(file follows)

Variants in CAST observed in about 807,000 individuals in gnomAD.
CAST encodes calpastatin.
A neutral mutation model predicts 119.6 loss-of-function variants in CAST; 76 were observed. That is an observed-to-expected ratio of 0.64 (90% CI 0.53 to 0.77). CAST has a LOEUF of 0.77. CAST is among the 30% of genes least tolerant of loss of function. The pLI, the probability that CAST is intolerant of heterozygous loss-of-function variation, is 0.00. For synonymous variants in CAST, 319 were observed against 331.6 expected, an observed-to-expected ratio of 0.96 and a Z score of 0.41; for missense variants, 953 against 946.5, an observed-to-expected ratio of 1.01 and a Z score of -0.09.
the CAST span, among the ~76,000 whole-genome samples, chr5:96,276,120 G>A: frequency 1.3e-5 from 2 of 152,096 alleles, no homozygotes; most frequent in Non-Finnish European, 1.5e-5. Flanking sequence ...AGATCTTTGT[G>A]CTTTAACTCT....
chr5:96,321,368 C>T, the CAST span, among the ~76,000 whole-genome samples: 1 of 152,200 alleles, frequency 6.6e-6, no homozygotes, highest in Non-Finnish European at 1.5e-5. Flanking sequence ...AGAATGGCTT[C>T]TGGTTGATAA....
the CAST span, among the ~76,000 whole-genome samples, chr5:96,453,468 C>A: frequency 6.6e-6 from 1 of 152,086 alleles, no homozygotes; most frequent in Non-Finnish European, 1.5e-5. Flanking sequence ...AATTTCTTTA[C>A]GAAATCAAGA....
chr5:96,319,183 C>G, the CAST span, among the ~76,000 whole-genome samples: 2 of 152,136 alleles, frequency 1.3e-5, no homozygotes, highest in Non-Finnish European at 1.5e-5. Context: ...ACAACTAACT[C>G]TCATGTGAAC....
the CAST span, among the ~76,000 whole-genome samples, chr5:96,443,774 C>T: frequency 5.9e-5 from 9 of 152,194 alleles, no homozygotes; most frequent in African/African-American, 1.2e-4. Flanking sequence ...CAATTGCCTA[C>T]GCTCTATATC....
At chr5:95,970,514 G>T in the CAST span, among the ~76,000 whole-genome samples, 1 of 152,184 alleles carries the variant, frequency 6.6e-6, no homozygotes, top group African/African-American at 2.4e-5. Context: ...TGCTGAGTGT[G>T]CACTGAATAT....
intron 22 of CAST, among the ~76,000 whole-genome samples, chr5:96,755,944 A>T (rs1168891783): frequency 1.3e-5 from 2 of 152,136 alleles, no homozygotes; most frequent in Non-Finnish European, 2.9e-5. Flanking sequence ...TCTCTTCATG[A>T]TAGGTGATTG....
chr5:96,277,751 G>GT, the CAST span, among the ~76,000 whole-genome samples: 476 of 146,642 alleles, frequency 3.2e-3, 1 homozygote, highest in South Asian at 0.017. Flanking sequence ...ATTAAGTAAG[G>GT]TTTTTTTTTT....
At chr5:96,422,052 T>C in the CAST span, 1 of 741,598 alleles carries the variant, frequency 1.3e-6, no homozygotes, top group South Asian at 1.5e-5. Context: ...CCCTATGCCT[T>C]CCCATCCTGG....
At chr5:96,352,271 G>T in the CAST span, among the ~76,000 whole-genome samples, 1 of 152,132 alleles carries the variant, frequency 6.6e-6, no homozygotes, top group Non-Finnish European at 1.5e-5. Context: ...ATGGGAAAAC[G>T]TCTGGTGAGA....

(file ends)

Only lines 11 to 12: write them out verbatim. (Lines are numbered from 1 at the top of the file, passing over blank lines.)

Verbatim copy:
chr5:96,277,751 G>GT, the CAST span, among the ~76,000 whole-genome samples: 476 of 146,642 alleles, frequency 3.2e-3, 1 homozygote, highest in South Asian at 0.017. Flanking sequence ...ATTAAGTAAG[G>GT]TTTTTTTTTT....
At chr5:96,422,052 T>C in the CAST span, 1 of 741,598 alleles carries the variant, frequency 1.3e-6, no homozygotes, top group South Asian at 1.5e-5. Context: ...CCCTATGCCT[T>C]CCCATCCTGG....